Figure 2.

Mean scores of the physical and mental scores of the Short Form health survey (SF-12) across place of stay, educational level, occupation, time from transplantation, physical activity and alcohol habit (*p < .05, **p < .01, ***p < .001)

Multivariate Analysis to Identify Predictors of Impaired Quality of Life

Preliminarily, PCS-12 and MCS-12 outcome variables were dichotomized using the 25th percentile (corresponding to 41 and 42 respectively). Since inactive/retired patients reported lower PCS-12 scores when compared to blue and white collars, but no differences were detected between these two groups, the predictor variable "occupation" was transformed in a dichotomous variable (i.e., inactive/retired vs. blue/white collars). Similarly, because medium and high activity patients did not differ on PCS-12, the predictor "physical activity" was also dichotomised (i.e., low physical activity vs. medium/high activity). Finally, place of stay was not included as predictor because the variable is specifically related to the geographical characteristics of Italy and the geographical location of the Hepatology Units.

In Table 3, we reported frequencies and percentages for each predictor and the relative statistics tests to compare the two groups defined upon the 25th percentile of the PMC-12 and MCS-12 scores (i.e., impaired vs. not impaired QoL groups). Except for the difference in the MEDI-LITE score that was observed also between groups based on the 25th percentile of the MCS-12, results are in line with the previous reported analyses, and they can be resumed as follows. Comparing the impaired versus not impaired physical health groups, higher percentages of female, unemployed/retired, low activity, low adherence to the diet, older patients belonged to the impaired group. Comparing the impaired versus not impaired mental health groups, higher percentages of female, sedentary activity and low adherence to the diet patients belonged to the impaired group.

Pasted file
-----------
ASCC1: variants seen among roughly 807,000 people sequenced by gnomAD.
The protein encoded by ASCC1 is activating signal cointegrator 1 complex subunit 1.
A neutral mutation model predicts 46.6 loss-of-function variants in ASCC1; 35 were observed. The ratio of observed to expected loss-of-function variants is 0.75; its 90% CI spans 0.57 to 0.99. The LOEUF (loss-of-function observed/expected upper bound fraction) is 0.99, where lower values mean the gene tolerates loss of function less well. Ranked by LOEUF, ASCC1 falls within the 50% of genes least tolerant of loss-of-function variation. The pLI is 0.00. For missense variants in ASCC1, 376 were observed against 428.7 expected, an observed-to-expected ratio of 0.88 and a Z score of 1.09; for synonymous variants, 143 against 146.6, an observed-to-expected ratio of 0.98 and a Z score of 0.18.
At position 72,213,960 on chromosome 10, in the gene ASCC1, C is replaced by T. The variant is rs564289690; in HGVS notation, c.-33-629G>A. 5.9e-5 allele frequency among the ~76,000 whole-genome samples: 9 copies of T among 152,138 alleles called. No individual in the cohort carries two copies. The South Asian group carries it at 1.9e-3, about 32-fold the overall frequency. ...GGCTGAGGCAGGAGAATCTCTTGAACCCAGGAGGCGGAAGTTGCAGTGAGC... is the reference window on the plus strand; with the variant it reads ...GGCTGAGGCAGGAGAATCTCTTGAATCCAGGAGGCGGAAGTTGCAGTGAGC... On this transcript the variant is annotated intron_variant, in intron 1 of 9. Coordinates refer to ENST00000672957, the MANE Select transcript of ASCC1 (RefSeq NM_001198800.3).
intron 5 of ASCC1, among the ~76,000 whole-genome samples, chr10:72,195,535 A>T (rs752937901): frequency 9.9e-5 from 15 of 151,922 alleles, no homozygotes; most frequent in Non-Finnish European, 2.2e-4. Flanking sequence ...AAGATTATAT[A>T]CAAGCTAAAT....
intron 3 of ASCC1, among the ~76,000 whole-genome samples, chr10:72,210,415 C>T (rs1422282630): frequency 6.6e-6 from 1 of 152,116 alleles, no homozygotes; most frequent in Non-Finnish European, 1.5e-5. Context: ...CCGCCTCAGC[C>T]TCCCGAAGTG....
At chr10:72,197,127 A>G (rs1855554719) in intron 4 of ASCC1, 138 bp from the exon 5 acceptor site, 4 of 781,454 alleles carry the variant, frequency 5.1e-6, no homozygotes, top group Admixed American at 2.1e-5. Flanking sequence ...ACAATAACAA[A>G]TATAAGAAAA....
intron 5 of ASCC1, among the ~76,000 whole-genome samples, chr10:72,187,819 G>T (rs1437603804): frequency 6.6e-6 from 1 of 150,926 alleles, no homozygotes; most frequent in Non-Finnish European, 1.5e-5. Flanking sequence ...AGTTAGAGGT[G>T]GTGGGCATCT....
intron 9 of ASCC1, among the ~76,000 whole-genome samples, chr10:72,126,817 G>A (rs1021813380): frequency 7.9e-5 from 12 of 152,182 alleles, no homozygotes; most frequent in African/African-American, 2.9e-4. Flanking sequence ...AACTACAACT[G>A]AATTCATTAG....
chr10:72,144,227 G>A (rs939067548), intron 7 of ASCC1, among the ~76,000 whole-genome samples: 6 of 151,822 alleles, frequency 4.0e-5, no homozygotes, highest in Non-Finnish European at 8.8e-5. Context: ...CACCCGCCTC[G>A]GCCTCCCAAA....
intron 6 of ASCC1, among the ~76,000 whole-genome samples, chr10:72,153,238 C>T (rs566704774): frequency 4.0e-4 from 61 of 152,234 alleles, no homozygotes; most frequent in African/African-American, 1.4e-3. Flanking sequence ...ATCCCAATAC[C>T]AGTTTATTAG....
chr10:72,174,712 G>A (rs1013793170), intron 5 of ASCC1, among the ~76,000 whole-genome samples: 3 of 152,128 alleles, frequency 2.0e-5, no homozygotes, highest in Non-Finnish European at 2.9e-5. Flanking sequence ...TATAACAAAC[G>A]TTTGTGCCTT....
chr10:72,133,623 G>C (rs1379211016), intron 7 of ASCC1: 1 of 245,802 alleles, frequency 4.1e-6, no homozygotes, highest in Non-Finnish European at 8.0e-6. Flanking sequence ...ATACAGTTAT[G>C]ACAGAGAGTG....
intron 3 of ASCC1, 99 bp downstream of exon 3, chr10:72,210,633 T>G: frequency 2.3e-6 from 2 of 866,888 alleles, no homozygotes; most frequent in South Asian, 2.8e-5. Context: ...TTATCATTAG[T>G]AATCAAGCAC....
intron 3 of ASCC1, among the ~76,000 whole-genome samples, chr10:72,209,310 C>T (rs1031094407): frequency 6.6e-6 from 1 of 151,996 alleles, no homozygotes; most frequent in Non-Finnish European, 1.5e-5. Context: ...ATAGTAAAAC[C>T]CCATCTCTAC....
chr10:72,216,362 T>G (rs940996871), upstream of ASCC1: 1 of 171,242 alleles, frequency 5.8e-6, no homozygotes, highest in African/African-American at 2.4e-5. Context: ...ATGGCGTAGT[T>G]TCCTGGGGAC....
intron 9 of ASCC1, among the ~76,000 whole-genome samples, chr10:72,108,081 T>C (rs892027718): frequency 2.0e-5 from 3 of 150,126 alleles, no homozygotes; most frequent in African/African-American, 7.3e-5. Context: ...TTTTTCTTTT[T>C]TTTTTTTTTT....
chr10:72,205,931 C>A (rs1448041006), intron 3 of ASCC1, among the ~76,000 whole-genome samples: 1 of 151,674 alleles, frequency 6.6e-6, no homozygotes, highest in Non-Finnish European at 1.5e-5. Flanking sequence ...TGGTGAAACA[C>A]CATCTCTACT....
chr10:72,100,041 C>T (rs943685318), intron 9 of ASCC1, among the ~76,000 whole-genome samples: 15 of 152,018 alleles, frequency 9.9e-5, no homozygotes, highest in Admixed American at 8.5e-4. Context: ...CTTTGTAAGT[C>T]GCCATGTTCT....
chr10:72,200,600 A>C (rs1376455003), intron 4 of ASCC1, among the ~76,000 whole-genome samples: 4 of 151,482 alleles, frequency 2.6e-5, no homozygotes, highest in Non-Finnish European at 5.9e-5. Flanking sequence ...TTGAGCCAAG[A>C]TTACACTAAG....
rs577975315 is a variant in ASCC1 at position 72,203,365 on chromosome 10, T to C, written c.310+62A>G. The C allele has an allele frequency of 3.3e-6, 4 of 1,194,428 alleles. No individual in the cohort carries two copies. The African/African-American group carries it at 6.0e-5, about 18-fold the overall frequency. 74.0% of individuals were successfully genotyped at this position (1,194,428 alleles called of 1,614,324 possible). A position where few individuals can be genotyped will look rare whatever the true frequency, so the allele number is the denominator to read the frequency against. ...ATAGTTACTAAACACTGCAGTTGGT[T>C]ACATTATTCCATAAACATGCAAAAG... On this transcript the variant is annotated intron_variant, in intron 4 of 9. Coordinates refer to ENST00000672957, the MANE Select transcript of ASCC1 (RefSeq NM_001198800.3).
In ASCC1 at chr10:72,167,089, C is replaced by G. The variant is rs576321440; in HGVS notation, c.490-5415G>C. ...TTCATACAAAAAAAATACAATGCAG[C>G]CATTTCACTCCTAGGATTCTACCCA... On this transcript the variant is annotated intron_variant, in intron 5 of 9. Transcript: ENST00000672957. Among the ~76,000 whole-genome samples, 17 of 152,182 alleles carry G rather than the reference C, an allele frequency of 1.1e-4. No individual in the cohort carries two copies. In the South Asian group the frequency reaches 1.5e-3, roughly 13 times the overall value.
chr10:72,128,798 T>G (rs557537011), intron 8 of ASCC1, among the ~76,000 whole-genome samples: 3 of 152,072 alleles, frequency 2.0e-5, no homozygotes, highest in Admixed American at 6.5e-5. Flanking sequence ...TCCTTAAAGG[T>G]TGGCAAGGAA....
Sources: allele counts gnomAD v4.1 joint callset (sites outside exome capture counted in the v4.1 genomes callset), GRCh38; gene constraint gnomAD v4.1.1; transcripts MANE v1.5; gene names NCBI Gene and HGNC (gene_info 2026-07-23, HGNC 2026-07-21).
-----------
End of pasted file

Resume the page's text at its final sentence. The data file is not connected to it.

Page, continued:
The specific weight of each predictor is reported in Table 4. Female patients were 1.65 times more likely to report impaired PCS-12 than males. Occupation and physical activity also displayed a significant positive in relation to QoL, indicating that workers or patients with medium/high activity were less likely to report impaired PCS-12 than unemployed/retired or low activity patients (Odds ratio 1.77 and 3.71 respectively). MEDI-LITE score was also a relevant predictor, and for each one-point increase in the score, the patient was .84 times less likely to report impaired QoL.

When mental health was analysed (Table 4), female patients were 1.78 times more likely to report impaired MCS-12 than male patients. Sedentary activity and the MEDI-LITE score were additional significant predictors, and for each one-point increase in the score, the patient was 1.51 more likely and .88 times less likely to report impaired MCS-12 respectively.